Monday, February 13, 2012

The Speed of Viral Evolution

Researchers recently studied how genetic manipulation of a the virus known as Phage Lambda (noninfectious to humans) affected transmissibility among host bacteria e. coli cells. Downregulation of the typical receptor protein resulted in the viral evolution of a new tropogen that utilized the receptor protein OmpF - a receptor protein that until now had never been recorded as the receptor protein for Phage Lambda. The development of this new tropogen occurred within just 15 days! Upon molecular examination, it was revealed that this mutation required four individual point mutations within the viral genome.

This research could shed some light on the idea of viral evolution. The primary researcher, Justin Meyer, estimates that the probability of four such point mutations occurring simultaneously is around "one in a thousand trillion trillion" (a slightly nonspecific estimate but still...). Contrary to what might be expected, however, in a number of different trials the virus always acquired the function mutation over the course of several weeks.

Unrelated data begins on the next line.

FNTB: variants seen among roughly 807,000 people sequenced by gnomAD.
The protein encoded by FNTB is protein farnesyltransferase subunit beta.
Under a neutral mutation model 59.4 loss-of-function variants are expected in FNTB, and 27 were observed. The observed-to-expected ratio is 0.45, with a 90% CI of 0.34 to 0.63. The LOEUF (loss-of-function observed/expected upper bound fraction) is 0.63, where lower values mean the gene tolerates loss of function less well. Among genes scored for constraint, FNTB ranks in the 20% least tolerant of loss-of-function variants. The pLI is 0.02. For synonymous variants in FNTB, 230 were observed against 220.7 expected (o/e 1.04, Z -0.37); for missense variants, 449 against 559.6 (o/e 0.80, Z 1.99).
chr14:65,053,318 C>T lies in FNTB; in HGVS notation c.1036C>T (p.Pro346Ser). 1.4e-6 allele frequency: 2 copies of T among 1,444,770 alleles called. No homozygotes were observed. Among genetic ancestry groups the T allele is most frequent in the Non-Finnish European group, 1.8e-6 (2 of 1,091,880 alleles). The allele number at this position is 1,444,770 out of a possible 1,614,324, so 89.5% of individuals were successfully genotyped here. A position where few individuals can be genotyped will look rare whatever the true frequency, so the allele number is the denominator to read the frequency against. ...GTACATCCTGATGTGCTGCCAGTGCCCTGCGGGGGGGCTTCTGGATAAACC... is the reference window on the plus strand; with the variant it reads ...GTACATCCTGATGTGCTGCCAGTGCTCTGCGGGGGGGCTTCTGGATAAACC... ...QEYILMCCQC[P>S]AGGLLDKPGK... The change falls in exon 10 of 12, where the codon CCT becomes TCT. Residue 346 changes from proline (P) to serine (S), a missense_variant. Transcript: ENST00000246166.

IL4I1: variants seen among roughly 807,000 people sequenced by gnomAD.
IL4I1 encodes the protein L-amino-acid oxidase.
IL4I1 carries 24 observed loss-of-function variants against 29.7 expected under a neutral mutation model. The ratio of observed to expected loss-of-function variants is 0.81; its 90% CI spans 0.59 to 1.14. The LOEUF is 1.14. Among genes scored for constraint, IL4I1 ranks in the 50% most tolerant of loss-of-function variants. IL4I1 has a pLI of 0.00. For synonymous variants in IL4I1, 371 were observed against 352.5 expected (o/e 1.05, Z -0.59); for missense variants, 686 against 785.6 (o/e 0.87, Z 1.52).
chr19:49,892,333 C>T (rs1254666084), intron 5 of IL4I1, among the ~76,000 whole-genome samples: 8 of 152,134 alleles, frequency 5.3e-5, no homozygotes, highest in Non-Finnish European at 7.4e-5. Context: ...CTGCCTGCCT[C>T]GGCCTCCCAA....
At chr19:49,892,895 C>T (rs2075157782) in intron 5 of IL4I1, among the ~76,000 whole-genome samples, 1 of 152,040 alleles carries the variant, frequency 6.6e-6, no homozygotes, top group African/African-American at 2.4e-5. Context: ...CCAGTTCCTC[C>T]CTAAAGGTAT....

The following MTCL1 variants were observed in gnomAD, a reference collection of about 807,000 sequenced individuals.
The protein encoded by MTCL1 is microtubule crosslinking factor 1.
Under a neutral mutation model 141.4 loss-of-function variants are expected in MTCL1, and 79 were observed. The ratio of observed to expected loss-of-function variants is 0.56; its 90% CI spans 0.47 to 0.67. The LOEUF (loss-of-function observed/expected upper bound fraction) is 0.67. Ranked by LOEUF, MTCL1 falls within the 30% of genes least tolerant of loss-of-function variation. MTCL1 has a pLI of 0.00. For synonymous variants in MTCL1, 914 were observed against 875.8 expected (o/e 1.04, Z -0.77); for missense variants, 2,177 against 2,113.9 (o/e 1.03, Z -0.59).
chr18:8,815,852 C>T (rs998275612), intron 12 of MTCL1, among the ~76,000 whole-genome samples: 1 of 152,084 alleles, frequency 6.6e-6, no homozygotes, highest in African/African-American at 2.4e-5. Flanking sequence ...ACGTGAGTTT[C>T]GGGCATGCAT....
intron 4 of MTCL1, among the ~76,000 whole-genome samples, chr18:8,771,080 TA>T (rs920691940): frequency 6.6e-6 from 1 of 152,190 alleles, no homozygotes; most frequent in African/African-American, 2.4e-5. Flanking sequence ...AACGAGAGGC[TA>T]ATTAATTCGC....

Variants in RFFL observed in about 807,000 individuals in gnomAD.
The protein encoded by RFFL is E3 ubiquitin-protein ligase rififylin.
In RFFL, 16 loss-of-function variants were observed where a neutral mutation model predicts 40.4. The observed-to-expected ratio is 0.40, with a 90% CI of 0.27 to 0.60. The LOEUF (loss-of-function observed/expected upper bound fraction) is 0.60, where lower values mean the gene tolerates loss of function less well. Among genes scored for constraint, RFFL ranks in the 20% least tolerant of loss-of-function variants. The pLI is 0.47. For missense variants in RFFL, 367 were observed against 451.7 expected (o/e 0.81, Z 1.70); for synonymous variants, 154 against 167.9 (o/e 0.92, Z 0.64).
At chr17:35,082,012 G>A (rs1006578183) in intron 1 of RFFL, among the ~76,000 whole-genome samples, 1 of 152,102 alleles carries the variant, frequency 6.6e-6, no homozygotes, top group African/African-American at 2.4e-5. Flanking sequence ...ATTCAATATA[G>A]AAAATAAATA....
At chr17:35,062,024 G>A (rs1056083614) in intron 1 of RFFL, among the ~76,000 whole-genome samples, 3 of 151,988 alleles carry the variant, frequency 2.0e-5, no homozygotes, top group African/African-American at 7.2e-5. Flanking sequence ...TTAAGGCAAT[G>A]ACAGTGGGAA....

Is viral evolution more pointed than pure probabilistic mutations? So it would seem.

- Elena Higuchi

Article: http://www.nytimes.com/2012/01/27/science/in-real-time-a-virus-learns-a-new-way-to-infect.html

Study: http://www.sciencemag.org/content/335/6067/428.abstract

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